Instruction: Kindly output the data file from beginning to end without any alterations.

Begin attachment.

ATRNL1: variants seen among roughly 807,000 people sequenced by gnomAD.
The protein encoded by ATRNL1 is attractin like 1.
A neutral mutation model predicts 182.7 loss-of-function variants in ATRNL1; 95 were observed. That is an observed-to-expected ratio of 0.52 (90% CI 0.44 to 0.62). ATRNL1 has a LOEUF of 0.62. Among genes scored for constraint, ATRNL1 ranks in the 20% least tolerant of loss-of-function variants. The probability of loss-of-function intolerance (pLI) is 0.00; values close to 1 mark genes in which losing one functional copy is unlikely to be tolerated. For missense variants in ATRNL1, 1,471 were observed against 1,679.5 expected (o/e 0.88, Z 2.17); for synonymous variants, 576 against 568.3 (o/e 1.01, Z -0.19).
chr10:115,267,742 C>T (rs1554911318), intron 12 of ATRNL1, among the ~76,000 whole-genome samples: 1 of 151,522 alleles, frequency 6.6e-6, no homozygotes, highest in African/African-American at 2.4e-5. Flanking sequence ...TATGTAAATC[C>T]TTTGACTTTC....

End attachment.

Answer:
ATRNL1: variants seen among roughly 807,000 people sequenced by gnomAD.
The protein encoded by ATRNL1 is attractin like 1.
A neutral mutation model predicts 182.7 loss-of-function variants in ATRNL1; 95 were observed. That is an observed-to-expected ratio of 0.52 (90% CI 0.44 to 0.62). ATRNL1 has a LOEUF of 0.62. Among genes scored for constraint, ATRNL1 ranks in the 20% least tolerant of loss-of-function variants. The probability of loss-of-function intolerance (pLI) is 0.00; values close to 1 mark genes in which losing one functional copy is unlikely to be tolerated. For missense variants in ATRNL1, 1,471 were observed against 1,679.5 expected (o/e 0.88, Z 2.17); for synonymous variants, 576 against 568.3 (o/e 1.01, Z -0.19).
chr10:115,267,742 C>T (rs1554911318), intron 12 of ATRNL1, among the ~76,000 whole-genome samples: 1 of 151,522 alleles, frequency 6.6e-6, no homozygotes, highest in African/African-American at 2.4e-5. Flanking sequence ...TATGTAAATC[C>T]TTTGACTTTC....